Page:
The theme of the map on Day 4, Thursday, 22nd October, is “Investments in the bioeconomy”. The map shows that significant investments flow towards novel projects in Ireland but also more broadly within Europe funded by the European Union and industry. Many of these initiatives focus on developing infrastructure that will be of benefit to Irish companies. Such investments give confidence that technologies that have been developed will be able to be scaled up beyond the lab.
The maps on Day 5, Friday, 23rd of October, identify some of the players in the bioeconomy. The first map, produced by PhD candidate Kieran Harrahill, is a different kind of map; it is a social network map which identifies key players in the bioeconomy in Ireland and how they are connected to each other. Such a map helps to identify entry points to the bioeconomy and the range of actors that are available to support farmers, entrepreneurs and others on bioeconomy related initiatives. The second map is an all-island map. “The All – Island Biomap Project, funded by InterTradeIreland, maps many of the organisations relevant to the bioeconomy, with categories on their feedstocks, waste streams, by-products, organisation type and employment, where relevant. The Biomap Project will be used to promote collaboration between Northern Ireland and the Republic of Ireland by helping businesses to explore new cross-border markets, develop new products, processes and services and identify overlaps and synergies between companies as well as potential joint funding opportunities,” reported Stephen Napier, CEO of Irish Bioeconomy Foundation.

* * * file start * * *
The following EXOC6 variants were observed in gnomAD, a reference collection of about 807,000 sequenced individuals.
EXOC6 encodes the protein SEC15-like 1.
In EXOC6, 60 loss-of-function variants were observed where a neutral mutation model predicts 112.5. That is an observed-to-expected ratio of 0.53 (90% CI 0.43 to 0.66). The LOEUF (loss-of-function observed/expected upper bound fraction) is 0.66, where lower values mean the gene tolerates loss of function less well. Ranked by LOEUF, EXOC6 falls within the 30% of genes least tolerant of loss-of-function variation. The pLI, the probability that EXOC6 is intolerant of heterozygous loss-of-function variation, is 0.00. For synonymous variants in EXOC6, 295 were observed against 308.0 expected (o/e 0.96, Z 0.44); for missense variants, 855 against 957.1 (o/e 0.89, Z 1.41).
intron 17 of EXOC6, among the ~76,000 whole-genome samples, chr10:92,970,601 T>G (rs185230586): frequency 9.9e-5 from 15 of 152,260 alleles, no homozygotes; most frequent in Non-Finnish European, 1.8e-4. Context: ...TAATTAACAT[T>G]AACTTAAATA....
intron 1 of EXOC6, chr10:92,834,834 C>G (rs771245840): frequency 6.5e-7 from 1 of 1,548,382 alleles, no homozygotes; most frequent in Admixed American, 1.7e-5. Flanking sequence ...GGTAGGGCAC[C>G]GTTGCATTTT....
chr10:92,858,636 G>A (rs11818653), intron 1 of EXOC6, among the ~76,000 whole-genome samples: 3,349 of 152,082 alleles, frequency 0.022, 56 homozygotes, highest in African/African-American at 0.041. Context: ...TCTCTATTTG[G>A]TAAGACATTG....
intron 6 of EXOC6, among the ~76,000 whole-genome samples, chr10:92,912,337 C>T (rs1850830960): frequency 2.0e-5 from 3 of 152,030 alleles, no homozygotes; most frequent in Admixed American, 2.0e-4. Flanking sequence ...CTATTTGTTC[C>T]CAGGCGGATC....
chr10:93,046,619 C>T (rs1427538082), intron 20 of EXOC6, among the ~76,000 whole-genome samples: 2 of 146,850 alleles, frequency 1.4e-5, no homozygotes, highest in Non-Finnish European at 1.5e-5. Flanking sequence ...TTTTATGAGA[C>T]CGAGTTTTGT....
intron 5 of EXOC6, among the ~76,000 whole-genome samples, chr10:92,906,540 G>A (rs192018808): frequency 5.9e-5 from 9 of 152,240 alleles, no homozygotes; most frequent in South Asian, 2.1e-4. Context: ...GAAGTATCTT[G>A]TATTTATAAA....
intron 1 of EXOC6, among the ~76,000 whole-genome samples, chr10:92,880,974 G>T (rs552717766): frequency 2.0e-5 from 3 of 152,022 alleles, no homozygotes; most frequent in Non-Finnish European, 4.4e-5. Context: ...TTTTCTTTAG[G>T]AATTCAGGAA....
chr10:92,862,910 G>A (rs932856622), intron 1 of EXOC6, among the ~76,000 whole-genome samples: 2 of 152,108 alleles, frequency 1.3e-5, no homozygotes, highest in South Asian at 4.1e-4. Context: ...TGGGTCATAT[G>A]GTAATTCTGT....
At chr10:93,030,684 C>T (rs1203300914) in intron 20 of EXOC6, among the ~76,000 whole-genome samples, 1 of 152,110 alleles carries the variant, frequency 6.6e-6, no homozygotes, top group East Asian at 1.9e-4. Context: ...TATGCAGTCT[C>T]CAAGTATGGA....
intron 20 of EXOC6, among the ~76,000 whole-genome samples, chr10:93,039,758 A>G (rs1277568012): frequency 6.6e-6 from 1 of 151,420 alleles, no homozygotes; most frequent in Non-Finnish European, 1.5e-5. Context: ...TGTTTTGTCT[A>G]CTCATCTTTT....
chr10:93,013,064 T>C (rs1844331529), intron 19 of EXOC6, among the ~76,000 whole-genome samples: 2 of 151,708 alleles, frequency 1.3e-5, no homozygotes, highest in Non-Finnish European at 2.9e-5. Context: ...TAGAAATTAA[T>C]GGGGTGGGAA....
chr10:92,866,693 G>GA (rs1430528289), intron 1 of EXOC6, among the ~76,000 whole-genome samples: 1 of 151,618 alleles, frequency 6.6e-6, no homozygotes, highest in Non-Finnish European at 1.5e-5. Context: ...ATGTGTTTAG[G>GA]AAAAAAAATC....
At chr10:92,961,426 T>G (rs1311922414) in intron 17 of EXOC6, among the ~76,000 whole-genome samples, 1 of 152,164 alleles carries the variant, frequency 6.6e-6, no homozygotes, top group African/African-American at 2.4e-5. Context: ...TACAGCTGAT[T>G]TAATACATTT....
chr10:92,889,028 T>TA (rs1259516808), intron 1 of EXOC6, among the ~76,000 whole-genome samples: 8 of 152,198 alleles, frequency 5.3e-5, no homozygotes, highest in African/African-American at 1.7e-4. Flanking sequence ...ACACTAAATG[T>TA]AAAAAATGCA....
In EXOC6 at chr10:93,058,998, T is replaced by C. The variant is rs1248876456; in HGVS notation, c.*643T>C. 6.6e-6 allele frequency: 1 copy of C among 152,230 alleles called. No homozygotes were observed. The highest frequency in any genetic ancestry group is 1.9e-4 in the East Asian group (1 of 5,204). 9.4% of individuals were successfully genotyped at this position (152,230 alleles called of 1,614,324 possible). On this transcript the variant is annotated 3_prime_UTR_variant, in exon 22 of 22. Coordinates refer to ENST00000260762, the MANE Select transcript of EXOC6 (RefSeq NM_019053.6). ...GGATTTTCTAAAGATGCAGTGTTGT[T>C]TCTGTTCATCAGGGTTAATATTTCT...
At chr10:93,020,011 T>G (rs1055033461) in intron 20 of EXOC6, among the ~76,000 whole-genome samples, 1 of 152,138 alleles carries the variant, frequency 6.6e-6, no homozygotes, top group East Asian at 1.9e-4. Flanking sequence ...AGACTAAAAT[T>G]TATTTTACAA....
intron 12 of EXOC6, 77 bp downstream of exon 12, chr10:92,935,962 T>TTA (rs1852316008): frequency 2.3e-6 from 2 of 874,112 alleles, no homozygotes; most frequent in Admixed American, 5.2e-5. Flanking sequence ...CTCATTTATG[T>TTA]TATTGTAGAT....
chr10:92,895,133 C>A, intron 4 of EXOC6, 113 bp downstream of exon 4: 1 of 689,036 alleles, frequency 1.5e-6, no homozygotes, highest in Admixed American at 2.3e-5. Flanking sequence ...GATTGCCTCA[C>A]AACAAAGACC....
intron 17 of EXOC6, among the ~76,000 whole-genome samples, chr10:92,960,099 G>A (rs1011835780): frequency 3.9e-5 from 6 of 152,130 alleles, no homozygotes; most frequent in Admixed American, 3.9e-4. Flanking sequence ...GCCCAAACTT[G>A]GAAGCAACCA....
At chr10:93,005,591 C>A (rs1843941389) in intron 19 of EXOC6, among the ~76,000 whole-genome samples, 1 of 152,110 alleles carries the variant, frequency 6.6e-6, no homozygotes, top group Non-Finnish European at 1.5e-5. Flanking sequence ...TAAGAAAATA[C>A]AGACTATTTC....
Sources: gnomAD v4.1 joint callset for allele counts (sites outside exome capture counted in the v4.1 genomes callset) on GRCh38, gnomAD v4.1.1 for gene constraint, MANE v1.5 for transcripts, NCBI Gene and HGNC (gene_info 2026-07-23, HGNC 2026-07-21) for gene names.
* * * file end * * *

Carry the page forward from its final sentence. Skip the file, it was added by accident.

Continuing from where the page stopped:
The maps were produced by Teagasc, in collaboration with the Department of Agriculture, Food and Marine (DAFM), IT Tralee, Trinity College Dublin, University College Dublin, the Irish Bioeconomy Foundation, BiOrbic and the Bord Iascaigh Mhara. They directly address one of the key actions identified in the National Bioeconomy Policy Statement, which is to highlight its relevance for a wide range of stakeholders across many sectors.
Commenting on the initiative Dr. Jesko Zimmermann from Teagasc said; “It’s been great producing such a variety maps. However, the exercise has also made it clear that significant data gaps need to be filled as the bioeconomy develops”. Professor Maeve Henchion, Teagasc and BiOrbic, said; “The national bioeconomy policy statement, and those of us involved in the bioeconomy on a day-to-day basis, recognise that what the bioeconomy means, and its relevance for everyone ultimately, is not always clear. I believe these maps help to explain it; as they say a picture says a thousand words”.
For further information contact Jesko Zimmermann (Jesko.firstname.lastname@example.org) or Maeve Henchion (email@example.com)
The Bioeconomy Week is an annual event. The theme this year is “Build Back Better.
The national bioeconomy policy statement, published by the Department of the Taoiseach in 2018, is implemented by the Bioeconomy Implementation Group, co-chaired by the Depts of Agriculture, Food & Marine and Environment, Climate & Communications. Available at:
This series of maps builds on Teagasc’s Map of the Month series
BiOrbic is the SFI-funded bioeconomy research centre